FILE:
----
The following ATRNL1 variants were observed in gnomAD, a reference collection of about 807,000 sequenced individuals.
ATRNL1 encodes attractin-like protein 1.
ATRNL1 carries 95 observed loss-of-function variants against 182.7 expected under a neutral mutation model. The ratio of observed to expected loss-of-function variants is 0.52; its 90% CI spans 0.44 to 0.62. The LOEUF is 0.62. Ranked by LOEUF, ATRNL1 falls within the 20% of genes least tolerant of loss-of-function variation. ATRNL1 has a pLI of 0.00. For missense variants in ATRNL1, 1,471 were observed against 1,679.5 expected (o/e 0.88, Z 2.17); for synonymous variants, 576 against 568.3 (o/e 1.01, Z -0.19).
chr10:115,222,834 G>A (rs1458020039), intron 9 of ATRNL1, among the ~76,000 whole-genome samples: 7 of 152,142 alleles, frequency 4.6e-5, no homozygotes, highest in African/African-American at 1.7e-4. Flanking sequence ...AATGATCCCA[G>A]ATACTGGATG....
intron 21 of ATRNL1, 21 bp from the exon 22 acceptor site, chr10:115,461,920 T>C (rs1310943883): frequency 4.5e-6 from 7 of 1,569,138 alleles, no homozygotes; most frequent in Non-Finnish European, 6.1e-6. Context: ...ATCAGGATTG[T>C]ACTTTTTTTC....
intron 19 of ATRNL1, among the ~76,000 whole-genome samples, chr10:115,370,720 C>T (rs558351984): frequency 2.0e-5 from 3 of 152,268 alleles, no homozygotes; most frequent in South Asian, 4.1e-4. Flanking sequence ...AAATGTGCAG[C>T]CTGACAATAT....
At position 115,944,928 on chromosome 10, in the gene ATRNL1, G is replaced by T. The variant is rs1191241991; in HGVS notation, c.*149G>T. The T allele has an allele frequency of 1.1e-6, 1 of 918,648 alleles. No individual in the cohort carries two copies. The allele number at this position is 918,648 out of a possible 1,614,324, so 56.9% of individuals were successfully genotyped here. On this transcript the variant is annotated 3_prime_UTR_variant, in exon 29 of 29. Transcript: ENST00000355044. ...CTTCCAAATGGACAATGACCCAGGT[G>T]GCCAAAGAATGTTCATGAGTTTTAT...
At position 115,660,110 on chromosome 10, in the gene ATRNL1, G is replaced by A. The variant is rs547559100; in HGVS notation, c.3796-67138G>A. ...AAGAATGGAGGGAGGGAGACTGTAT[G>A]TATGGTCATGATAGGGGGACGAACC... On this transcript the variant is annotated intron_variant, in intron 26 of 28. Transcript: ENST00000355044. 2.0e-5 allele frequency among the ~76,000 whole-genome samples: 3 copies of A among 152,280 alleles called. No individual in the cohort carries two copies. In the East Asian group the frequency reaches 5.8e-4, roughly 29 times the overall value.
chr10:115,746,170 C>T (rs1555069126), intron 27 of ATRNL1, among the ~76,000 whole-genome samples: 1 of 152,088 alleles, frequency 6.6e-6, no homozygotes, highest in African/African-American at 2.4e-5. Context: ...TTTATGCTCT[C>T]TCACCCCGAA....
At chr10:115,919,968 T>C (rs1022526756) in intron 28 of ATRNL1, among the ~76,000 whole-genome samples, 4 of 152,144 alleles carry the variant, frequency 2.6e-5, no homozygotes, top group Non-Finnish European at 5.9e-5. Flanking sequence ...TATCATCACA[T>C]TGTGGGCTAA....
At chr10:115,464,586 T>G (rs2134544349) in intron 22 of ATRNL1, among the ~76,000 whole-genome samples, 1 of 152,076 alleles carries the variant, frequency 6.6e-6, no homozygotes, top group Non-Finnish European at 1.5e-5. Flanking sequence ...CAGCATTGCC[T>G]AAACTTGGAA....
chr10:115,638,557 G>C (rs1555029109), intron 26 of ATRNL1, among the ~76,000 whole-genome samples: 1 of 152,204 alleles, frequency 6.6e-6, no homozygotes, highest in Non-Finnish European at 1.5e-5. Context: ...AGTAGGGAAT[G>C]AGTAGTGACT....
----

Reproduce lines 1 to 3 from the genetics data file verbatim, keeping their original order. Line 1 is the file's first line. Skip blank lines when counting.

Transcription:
The following ATRNL1 variants were observed in gnomAD, a reference collection of about 807,000 sequenced individuals.
ATRNL1 encodes attractin-like protein 1.
ATRNL1 carries 95 observed loss-of-function variants against 182.7 expected under a neutral mutation model. The ratio of observed to expected loss-of-function variants is 0.52; its 90% CI spans 0.44 to 0.62. The LOEUF is 0.62. Ranked by LOEUF, ATRNL1 falls within the 20% of genes least tolerant of loss-of-function variation. ATRNL1 has a pLI of 0.00. For missense variants in ATRNL1, 1,471 were observed against 1,679.5 expected (o/e 0.88, Z 2.17); for synonymous variants, 576 against 568.3 (o/e 1.01, Z -0.19).